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British Columbia's opposition to the Northern Gateway (ENB) pipeline shifts focus to a potential...

British Columbia's opposition to the Northern Gateway (ENB) pipeline shifts focus to a potential pipeline to eastern Canada, Alberta Premier Alison Redford tells legislators in New Brunswick, where the premier is a backer of TransCanada's (TRP) idea of converting an existing natural gas pipeline to carry crude into Quebec with a potential extension to the Atlantic which could ship ~850K bbl/day of oil by late 2017.
Comments (5)
  • jack20
    , contributor
    Comments (288) | Send Message
     
    At least there is one PM in Canada who can think beyond the end of his nose.Anyone out there know the status of Kinder Morgans proposal to "twin" their existing Transmountain Pipeline to carry 700,000 barrels/day, Edmonton to Burnaby,B.C. This one should be a no brainer as an existing right-of-way already exists.
    7 Jun 2013, 09:31 PM Reply Like
  • bobby44
    , contributor
    Comments (182) | Send Message
     
    jack20:
    You are right it is a no brainer. I mean the politics not the pipeline.
    Pipe is the new football for the folks who attack. They did the same with the first rail lines and the first pipeline. Remember the government fell over the debate.
    9 Jun 2013, 11:26 AM Reply Like
  • VinceN@BC
    , contributor
    Comments (6) | Send Message
     
    I am a local, Our politics in BC is a win with our recent Pro business government in the Province being re-elected. The actual proposal for twinning (Larger Capacity) from Kinder -Morgan has not been brought to view before the government. So it is being passed around by the media. No government here fell because of Enbridge pipeline debate or other energy policy. It looks like the feds (the PM ) are the final say in what goes through the country side. The province isn't mandated to stop shipment of product if conditions of safety, ecology and economics are
    met. I expect the oil to flow eventually, I guess you could say I'm long.

     

    11 Jun 2013, 12:00 AM Reply Like
  • jack20
    , contributor
    Comments (288) | Send Message
     
    Vince: Thank you for your thoughtful post. I just answered another post from a BC resident who is against any pipeline period. He cites the 100 5+ earthquakes off your coast. I asked him how many caused TM to leak? As a U.S. guy I am disgusted how Keystone has been handled. It is an insult to Canada. Mr. Harper and PMs from Alberta/BC should get together quietly and show the U.S. that Canada will not be held hostage to Keystone. Canada is losing jobs, balance of payments, and tax revenues solely due to our "brittle brain" energy policy!! Thats my 2 cents worth.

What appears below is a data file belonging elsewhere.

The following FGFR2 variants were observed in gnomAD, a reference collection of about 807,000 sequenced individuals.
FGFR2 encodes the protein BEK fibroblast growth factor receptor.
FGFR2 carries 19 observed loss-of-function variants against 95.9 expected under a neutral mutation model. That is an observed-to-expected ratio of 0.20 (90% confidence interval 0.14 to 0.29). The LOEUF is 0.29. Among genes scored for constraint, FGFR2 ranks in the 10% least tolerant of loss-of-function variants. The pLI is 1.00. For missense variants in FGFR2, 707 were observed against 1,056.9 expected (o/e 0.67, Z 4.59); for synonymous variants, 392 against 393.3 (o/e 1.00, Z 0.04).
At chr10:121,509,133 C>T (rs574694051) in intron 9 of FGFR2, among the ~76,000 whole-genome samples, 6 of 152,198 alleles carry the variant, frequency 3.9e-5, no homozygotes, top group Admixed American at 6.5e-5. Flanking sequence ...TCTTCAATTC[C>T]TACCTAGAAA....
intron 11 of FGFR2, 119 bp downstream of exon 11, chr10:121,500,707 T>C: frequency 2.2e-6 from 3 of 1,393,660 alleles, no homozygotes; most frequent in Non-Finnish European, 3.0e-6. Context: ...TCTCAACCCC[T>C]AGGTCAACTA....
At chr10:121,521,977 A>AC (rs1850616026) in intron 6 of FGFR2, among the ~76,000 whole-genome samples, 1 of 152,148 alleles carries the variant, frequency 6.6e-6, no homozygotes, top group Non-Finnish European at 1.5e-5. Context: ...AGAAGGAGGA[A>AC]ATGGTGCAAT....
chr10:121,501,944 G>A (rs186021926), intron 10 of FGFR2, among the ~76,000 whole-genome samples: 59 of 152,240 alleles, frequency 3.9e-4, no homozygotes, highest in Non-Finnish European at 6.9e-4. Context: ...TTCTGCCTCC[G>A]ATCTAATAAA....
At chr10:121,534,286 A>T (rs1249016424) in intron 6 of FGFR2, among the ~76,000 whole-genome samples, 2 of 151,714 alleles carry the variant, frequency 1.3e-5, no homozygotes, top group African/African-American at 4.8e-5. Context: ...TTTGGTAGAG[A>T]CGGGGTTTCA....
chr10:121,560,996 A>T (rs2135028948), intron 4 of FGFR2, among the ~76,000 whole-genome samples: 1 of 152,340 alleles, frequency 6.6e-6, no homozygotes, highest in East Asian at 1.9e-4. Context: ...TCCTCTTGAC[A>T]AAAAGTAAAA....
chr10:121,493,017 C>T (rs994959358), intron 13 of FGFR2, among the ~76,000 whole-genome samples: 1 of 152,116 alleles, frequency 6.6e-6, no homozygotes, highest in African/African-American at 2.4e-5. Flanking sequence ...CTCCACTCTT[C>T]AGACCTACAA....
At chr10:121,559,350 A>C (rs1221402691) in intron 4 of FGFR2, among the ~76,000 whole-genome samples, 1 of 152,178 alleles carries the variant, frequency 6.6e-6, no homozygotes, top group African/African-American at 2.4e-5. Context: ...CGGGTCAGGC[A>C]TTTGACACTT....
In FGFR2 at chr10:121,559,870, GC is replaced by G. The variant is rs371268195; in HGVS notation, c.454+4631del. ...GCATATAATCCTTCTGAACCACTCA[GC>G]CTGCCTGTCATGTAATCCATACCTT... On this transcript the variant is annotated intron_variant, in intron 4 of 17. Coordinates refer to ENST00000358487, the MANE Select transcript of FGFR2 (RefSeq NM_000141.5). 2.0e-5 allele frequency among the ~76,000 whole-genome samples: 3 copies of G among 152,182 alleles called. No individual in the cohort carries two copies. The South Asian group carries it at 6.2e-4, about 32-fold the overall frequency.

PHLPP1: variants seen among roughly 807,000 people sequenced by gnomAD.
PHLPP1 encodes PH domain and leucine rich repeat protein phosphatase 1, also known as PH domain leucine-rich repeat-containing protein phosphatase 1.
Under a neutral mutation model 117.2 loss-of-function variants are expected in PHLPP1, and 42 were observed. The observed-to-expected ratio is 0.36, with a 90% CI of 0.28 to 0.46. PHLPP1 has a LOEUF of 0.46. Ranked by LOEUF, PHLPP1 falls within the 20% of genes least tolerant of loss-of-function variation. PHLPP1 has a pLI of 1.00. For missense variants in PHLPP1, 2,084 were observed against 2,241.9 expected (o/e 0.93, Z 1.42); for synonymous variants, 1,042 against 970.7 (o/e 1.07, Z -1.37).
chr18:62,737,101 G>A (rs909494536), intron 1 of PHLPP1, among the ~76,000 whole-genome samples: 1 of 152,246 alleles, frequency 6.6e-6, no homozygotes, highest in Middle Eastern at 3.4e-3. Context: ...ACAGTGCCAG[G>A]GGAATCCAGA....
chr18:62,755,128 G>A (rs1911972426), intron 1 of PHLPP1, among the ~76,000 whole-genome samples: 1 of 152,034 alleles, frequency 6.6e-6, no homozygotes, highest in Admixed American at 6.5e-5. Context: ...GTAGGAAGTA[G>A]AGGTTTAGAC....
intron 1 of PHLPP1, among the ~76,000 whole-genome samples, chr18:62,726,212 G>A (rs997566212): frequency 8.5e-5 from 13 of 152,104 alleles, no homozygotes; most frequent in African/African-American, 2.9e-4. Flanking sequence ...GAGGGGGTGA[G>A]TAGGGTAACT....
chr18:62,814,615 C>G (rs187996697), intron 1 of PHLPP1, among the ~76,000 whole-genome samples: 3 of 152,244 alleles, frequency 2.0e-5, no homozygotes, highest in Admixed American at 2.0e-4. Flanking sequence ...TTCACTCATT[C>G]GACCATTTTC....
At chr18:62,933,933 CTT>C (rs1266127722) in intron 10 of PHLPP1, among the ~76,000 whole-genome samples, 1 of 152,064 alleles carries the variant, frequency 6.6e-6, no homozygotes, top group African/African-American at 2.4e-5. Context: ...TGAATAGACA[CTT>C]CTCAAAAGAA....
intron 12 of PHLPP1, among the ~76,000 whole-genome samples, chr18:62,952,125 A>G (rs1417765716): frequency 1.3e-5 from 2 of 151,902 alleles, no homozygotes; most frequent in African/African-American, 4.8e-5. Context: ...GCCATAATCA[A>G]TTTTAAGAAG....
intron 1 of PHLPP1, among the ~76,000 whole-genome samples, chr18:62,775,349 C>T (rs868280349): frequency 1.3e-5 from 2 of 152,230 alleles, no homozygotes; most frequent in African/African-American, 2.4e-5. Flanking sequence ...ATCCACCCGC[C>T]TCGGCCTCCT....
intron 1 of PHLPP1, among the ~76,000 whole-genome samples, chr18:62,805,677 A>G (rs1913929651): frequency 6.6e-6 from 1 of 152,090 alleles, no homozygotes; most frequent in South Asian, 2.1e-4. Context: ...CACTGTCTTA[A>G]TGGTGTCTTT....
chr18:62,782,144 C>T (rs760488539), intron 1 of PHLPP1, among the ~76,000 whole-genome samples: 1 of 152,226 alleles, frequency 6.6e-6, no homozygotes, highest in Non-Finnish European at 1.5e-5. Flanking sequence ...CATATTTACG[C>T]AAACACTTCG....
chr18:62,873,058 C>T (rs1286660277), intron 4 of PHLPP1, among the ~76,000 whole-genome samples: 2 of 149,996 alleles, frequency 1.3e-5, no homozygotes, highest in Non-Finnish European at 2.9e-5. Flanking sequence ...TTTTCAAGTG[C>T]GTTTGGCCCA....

12 Jun 2013, 08:23 AM Reply Like
  • bob adamson
    , contributor
    Comments (4555) | Send Message
     
    Vince,

     

    I too am a BC resident. Leaving to one side the relative merits of the Gateway proposal of Enbridge and focusing solely upon whether the Federal Government could fully authorize the completion of this project if, in the final analysis, the BC Government was resolutely opposed to this project proceeding:
    1. The Federal Government does have the capacity under the Canadian constitution to declare this project a work in the national interest. The effect of doing so would give the Federal Government legislative capacity to override all possible impediments a Province could mount to such a 'work'.
    2. Only by exercising this power of declaration (which has not been done for many decades) could all impediments available to the BC Government be removed (i.e. There are many ancillary matters - BC owned land and facilities, control over transportation of goods over BC roads, approval of work crew facilities during construction etc. etc. - that would require approval under Provincial law to facilitate construction).
    3. The Provinces generally, including Alberta, would be strongly opposed to such a unilateral exercise of Federal Government power, particularly given that this has not been done, I believe, since around WW II. Some would argue that this would constitute a constitutional crisis of the first order.
    4. In short, this matter will not be resolved by unilateral Federal Government action.
    12 Jun 2013, 02:11 PM Reply Like
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